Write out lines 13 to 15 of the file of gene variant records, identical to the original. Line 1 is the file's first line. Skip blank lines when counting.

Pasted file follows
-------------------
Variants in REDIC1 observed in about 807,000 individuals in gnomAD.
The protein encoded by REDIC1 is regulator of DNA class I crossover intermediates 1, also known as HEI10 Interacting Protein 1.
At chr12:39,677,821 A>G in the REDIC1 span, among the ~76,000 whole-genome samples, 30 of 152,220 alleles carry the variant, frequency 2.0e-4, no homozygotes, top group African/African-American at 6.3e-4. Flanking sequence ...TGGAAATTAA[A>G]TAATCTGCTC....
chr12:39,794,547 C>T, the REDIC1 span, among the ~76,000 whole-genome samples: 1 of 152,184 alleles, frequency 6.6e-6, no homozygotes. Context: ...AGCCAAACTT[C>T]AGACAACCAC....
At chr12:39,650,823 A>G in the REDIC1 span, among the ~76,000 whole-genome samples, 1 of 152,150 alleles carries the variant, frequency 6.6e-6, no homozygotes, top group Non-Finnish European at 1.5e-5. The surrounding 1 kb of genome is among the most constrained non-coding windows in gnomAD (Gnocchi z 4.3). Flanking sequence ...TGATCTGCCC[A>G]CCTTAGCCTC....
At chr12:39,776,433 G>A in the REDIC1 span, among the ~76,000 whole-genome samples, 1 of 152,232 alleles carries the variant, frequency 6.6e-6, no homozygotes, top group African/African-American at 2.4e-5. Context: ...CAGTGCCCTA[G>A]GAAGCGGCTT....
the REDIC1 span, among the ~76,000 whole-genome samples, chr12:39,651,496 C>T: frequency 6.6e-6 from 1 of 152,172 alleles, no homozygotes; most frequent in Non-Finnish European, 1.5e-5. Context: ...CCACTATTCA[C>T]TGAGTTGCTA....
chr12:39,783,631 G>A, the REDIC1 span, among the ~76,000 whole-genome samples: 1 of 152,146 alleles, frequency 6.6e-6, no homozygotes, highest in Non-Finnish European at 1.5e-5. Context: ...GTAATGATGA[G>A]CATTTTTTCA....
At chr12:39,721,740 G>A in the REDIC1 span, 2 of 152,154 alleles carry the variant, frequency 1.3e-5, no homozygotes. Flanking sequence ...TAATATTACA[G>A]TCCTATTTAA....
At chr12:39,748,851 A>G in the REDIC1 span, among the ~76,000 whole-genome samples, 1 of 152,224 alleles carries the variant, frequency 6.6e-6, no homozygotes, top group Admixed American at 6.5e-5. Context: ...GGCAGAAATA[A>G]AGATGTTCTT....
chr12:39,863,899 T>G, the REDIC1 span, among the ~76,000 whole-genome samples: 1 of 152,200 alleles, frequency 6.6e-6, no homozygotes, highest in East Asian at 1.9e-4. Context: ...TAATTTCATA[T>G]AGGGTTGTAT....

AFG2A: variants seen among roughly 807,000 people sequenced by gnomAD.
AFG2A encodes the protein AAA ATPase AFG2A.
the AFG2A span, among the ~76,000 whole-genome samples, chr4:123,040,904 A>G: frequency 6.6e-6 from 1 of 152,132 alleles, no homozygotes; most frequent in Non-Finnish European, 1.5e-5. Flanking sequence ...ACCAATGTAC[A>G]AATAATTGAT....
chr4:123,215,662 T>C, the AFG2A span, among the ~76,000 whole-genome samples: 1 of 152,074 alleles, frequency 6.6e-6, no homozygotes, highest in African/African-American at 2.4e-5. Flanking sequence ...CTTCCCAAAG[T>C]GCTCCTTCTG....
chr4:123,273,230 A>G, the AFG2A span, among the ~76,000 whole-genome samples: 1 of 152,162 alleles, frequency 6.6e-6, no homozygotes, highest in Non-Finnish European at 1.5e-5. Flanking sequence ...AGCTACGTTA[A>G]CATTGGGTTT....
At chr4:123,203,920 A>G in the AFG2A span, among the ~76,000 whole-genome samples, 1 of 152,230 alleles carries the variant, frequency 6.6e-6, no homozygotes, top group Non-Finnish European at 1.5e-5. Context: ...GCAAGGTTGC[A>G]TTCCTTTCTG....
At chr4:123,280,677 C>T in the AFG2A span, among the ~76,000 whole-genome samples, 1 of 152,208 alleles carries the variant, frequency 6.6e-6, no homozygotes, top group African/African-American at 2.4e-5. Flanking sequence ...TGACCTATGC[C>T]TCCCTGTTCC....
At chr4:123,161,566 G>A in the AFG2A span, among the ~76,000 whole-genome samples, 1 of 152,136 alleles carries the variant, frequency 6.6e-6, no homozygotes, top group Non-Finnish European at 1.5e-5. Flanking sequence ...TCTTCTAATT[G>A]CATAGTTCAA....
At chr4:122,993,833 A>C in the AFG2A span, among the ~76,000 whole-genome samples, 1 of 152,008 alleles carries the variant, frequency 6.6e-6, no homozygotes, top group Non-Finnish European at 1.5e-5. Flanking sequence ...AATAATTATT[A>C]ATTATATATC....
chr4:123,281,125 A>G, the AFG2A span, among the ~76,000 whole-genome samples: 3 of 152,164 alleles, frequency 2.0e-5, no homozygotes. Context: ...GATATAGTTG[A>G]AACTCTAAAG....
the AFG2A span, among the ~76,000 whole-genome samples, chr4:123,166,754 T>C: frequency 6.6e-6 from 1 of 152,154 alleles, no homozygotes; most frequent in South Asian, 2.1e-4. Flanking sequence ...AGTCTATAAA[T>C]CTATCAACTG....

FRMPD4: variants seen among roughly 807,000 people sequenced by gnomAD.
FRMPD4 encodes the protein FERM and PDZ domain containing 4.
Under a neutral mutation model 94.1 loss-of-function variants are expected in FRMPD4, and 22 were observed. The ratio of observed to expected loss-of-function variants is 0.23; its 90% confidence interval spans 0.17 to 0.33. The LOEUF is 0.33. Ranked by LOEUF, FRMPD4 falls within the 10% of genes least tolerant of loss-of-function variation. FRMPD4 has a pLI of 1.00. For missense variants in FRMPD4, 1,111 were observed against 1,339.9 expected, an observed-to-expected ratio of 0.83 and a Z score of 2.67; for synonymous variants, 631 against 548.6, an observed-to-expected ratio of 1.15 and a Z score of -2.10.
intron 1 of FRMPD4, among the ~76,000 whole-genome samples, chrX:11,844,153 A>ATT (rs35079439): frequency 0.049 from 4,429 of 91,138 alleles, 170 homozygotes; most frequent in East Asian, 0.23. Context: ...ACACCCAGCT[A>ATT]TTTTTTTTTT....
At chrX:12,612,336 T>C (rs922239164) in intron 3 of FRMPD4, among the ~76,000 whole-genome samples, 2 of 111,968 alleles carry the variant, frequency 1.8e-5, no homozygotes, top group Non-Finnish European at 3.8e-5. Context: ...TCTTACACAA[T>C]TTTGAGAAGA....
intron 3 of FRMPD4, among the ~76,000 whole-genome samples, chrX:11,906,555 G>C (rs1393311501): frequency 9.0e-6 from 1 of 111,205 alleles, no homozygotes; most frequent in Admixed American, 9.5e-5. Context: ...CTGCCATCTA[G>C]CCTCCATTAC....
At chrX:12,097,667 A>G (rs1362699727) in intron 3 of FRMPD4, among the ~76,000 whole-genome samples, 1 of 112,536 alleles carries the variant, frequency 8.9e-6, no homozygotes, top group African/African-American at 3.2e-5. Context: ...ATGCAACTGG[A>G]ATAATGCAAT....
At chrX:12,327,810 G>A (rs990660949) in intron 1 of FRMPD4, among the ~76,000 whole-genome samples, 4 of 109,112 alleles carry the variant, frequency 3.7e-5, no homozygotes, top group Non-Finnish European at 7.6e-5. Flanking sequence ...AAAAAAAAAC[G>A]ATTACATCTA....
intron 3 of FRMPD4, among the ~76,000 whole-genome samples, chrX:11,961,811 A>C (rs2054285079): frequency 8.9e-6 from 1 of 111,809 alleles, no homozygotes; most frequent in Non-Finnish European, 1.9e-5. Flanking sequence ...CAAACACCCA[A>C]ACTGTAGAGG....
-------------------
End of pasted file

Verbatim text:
AFG2A encodes the protein AAA ATPase AFG2A.
the AFG2A span, among the ~76,000 whole-genome samples, chr4:123,040,904 A>G: frequency 6.6e-6 from 1 of 152,132 alleles, no homozygotes; most frequent in Non-Finnish European, 1.5e-5. Flanking sequence ...ACCAATGTAC[A>G]AATAATTGAT....
chr4:123,215,662 T>C, the AFG2A span, among the ~76,000 whole-genome samples: 1 of 152,074 alleles, frequency 6.6e-6, no homozygotes, highest in African/African-American at 2.4e-5. Flanking sequence ...CTTCCCAAAG[T>C]GCTCCTTCTG....